Regardless Of What You May Think, Football Isn't Everything

Cameon ShiflettSenior Analyst IMarch 10, 2009

It's that time of year again. I'm not talking about that time when Alabama starts practicing for their broad-casted A-Day game. I'm not talking about that time when Alabama baseball is gearing up. No, the occasion I'm referring to is the death of four teenagers that had a love and zeal for life that most would envy, that were taken too young.

March 21, 2008...a day I'll never forget. Not today, but more than a week away. An early article because the point hope to be made would be made too late if I wait for the actual date. And I might not be strong enough to write it on that date.

It was Spring Break. Everyone had their own plans and own group of friends. But it didn't matter, because whether we were at the beach, at home, at Six Flags, or wherever else, rest assured we were all enjoying ourselves. After all, you only have one shot at being a teenager right? And we all planned on living it up.

Friday is a day we all look forward to in time. It's the weekday where we anxiously await the bell or the clock hitting 5 that tells us to go home for the weekend. It's the day before a football game for some, and the day of a football game for others. All of these things made Friday an ordinary day. But the fact that this was a Spring Break Friday made it even more extraordinary.

This particular Friday, there was gorgeous weather. 60 degrees with a slight breeze and the sunshine was out.  It was perfect weather to be outdoors, the perfect weather to go horseback riding or the perfect weather to be riding around in a convertible. That's just what my friends were doing when Zach's hat flew off...and what would make more difference in their lives and ours than we knew was possible.

In high school, we tend to get so busy that we neglect the poor grandparents, aunts, and uncles. Spring Break seemed to be a good time to visit my Aunt in Georgia so I trekked out there that Wednesday or Thursday and was shocked to be getting calls asking if my sister and I were OK. And that's when I get the message...

Joel, Zach, Stephanie, and Lyndsey had been on there way to Oak Mountain State Park to go horseback riding when Zach's hat flew off. It was an Alabama hat that his deceased grandfather had given him. The hat meant a lot to him so he pulled off the Interstate, shifted into reverse and went in hopes of getting it back. That's when the back of his car fish-tailed and was hit by a Fed Ex truck going about 65 mph.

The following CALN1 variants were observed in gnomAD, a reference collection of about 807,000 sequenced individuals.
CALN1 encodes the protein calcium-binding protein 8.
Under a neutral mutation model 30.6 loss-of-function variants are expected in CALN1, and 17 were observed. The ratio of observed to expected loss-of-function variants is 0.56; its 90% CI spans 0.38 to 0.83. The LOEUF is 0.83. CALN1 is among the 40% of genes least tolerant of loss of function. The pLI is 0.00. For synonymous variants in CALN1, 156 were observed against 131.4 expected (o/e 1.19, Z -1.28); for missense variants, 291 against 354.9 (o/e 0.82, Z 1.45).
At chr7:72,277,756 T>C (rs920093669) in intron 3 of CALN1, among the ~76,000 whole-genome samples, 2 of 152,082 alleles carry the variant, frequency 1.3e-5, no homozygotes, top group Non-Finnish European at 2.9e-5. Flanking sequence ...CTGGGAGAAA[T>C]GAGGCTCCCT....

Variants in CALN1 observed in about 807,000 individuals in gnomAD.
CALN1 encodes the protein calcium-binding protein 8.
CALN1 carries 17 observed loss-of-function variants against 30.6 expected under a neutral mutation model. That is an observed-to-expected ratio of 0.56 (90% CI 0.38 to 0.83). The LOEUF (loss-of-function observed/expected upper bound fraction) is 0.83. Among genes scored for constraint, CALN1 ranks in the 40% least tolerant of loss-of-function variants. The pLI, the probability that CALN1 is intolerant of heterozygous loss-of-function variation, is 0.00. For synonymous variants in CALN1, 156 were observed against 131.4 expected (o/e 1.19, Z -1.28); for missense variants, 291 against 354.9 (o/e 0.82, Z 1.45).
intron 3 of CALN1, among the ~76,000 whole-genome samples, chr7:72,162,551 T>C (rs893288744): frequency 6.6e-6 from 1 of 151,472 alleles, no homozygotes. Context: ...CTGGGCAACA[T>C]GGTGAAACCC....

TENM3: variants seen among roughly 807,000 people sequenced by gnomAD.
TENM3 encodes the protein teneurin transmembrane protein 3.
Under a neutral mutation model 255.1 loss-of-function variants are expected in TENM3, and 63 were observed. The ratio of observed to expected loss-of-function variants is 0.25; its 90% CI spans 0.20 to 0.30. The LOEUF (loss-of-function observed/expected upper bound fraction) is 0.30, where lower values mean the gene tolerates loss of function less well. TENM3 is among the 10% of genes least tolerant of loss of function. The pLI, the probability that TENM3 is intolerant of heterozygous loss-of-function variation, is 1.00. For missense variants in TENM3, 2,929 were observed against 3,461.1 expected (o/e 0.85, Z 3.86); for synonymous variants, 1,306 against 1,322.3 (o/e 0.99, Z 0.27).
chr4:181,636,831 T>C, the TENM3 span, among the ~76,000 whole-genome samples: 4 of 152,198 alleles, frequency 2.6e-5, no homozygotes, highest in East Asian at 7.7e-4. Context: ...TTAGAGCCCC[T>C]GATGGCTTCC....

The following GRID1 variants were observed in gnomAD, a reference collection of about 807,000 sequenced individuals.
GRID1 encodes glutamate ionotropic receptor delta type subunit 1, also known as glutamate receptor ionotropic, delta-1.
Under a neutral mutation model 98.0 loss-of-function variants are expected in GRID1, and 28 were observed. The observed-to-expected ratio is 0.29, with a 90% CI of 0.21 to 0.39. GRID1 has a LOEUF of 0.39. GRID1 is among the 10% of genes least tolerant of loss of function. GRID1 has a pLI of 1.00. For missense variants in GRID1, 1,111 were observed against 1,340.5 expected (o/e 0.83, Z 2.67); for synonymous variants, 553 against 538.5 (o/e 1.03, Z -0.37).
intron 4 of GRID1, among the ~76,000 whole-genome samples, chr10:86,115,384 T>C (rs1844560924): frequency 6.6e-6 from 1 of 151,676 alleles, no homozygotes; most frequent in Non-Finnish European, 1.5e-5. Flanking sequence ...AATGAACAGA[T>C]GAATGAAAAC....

Emergency crews were called, police and EMTs said this was one of the worst scenes they'd been to in a while. if not ever. The teenagers were unrecognizable. One wasn't even found until the truck was pulled from the top of the car. One was thrown from his seat with his boots left on the floor. All dead immediately.

All the students returned Monday in shock. We had just had conversations with them. They had just been there...they couldn't be gone could they? Cliques and clamouring to the specific lunch table you sat at didn't matter at the moment. The math test Tuesday didn't matter and worrying about Prom wasn't that big of a deal. Instead, we were reminded about how Joel hated Math, Stephanie had just bought the perfect Prom dress, and Lyndsey had just bought her perfect 8th grade banquet dress two months early. (Pink of course)

A week full of funerals that reminded us of the people we had lost. The people their families had lost. Stephanie and Lyndsey could brighten up any room with their bright blue eyes and gorgeous smiles. They were sisters, so they fought, but they loved each other, and would do anything to help each other. Joel and Zach were "the good ole boys." Those guys could make you laugh when you really wanted to just cry. Both goofy, but both were guys that loved their family, friends, and country more than anything. All amazing people, all gone too young.

The news crews constantly reminded parents and teenagers about this tragedy. Comments on news boards mentioned that the driving age should be raised to 18, clearly overlooking the fact that Zach was 18. There were lawyers trying to get to the individual families. Every turn and every trip on the interstate to and from school reminding students of the people they had lost. The mile marker went missing, the black tire tracks,  and blood stains that are still there today...are constant reminders.

Now, almost a year later, they are all missed. They are all loved. They will never be forgotten. Hopefully, their story and their families and friends pain will remind everyone that we won't be here forever. Joel's dad said at the funeral he had been bugging him to get a motorcycle and he'd told him later not knowing there wouldn'tbe a later. Stephanie and Lyndsey's mom said they hadn't let them go to the beach during Spring Break because they were too young and that they could go next year. They never imagined there wouldn't be a next year. No one did.

This isn't about football. This isn't about sports at all really. It's just a friendly reminder to give your kids an extra hug and "I Love You," before they walk out the door. It's just a reminder to the teenagers on this site that you aren't invincible. Anything can happen at any given time.

This is in memory of Joel Swinford, 18; Zachary Livingston, 18; Stephanie Baker, 17; and Lyndsey Baker, 14. You are all amazing people no matter where you are. And Steph, sorry the Iron Bowl didn't work out for ya. I could picture you waving another finger at me and telling me how y'all would win again. But I was sure Zach and Joel gave ya a hard time about it for me.